September 03, 2021
Researchers are working to develop a blood test that could determine whether people with a specific genetic disorder have developed cancer.
People with the inherited condition Neurofibromatosis type 1, or NF1, often develop benign tumors along their nerves. Sometimes, those tumors turn into aggressive cancers, but there has not been a non-invasive way to detect that transformation.
The National Cancer Institute's Center for Cancer Research has developed a blood test that researchers believe eventually may serve as an inexpensive and highly sensitive screening method.
NF1 is the most common cancer predisposition syndrome in the world, impacting 1 in 3,000 people globally. The blood test would help detect cancers earlier and allow patients to begin treatment sooner.
"Imagine going through life with a cancer predisposition syndrome like NF1. It's kind of like a ticking bomb," said Dr. Jack F. Shern, a researcher in NCI's pediatric oncology branch. "The doctors are going to be watching for cancerous tumors, and you're going to be watching for them, but you really want to discover that transformation to cancer as early as possible."
Routine blood tests have been used to help detect various cancers over the years, but no single test can accurately diagnose them, according to Medical News Today. Rather, blood tests establish a baseline for a patient's health, and doctors look at them to detect any abnormalities that may point to cancer.
However, clinical trials are studying whether certain blood tests can detect multiple types of cancers. The CancerSEEK assay, the Galleri test and the PanSeer assay have shown high specificity in cancer detection, but more research is needed before they can be used in the general population.
The test developed by NCI researchers aims to detect whether a patient with NF1 has developed a malignant peripheral nerve sheath tumor, or MPNST. The cancer often is resistant to chemotherapy and radiation. About 80% of MPNST patients die within five years.
NF1 is caused by a genetic mutation and is almost always diagnosed in childhood.
Half the people who are diagnosed with NF1 will develop large, benign tumors on nerves, known as plexiform neurofibromas. About 15% of people who develop these tumors will develop MPNST.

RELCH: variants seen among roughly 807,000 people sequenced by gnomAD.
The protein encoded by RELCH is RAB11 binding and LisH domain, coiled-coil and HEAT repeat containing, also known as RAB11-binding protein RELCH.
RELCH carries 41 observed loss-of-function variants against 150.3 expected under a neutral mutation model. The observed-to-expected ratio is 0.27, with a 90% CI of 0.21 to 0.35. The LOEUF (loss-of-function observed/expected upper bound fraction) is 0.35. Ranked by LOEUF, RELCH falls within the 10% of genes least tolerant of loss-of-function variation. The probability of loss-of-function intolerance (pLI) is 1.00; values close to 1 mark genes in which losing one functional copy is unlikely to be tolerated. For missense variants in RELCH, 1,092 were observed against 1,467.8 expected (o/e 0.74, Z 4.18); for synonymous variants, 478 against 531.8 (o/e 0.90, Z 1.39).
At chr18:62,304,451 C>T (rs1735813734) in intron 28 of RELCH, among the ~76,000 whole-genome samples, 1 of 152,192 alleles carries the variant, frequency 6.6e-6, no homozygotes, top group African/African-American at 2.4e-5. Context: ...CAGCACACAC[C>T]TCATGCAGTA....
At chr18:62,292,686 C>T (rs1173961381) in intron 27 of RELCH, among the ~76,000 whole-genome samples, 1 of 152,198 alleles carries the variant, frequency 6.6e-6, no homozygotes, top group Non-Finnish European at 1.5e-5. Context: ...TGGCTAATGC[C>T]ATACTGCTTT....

Currently, doctors use MRIs, PET scans or biopsies to determine if a plexiform neurofibromas has turned cancerous. But these tests are expensive, time consuming, and not always accurate. The biopsies can be extremely painful because these tumors grow along nerves.
"So we thought, 'what if we developed a simple blood test where instead of a full-body MRI or a fancy PET scan, we could just draw a tube of blood and say whether or not the patient has an MPNST somewhere?'" Shern said.
The researchers collected blood samples from 23 people with NF1 who had plexiform neurofibromas, 14 people with MPNST and 16 healthy people without NF1.
Based on DNA found in the blood samples, the blood test differentiated between benign tumors and MPNST with 86% accuracy. Shern said researchers will launch a larger trial in hopes of bringing the test's accuracy level closer to 100%.
Researchers said the test also may help doctors monitor the way cancer patients respond to treatment. Blood tests from the study's participants with cancer revealed when the size and number of their tumors shrunk.
"You can imagine treating a patient with a chemotherapy regimen," Shern said. "This blood test could easily and rapidly allow us to determine whether the disease is going down or maybe even going away entirely. And if you had done surgery and taken out an MPNST, and the blood test was negative, you could use that to monitor the patient going forward to see if the tumor returns."
The test could be especially helpful in developing countries and other areas that don't have access to medical scanning and biopsy equipment.
"This is the perfect opportunity to apply these technologies where we can use a simple blood test to screen an at-risk population," Shern said. "If the test shows something abnormal, that's when we know to act and go looking for a tumor."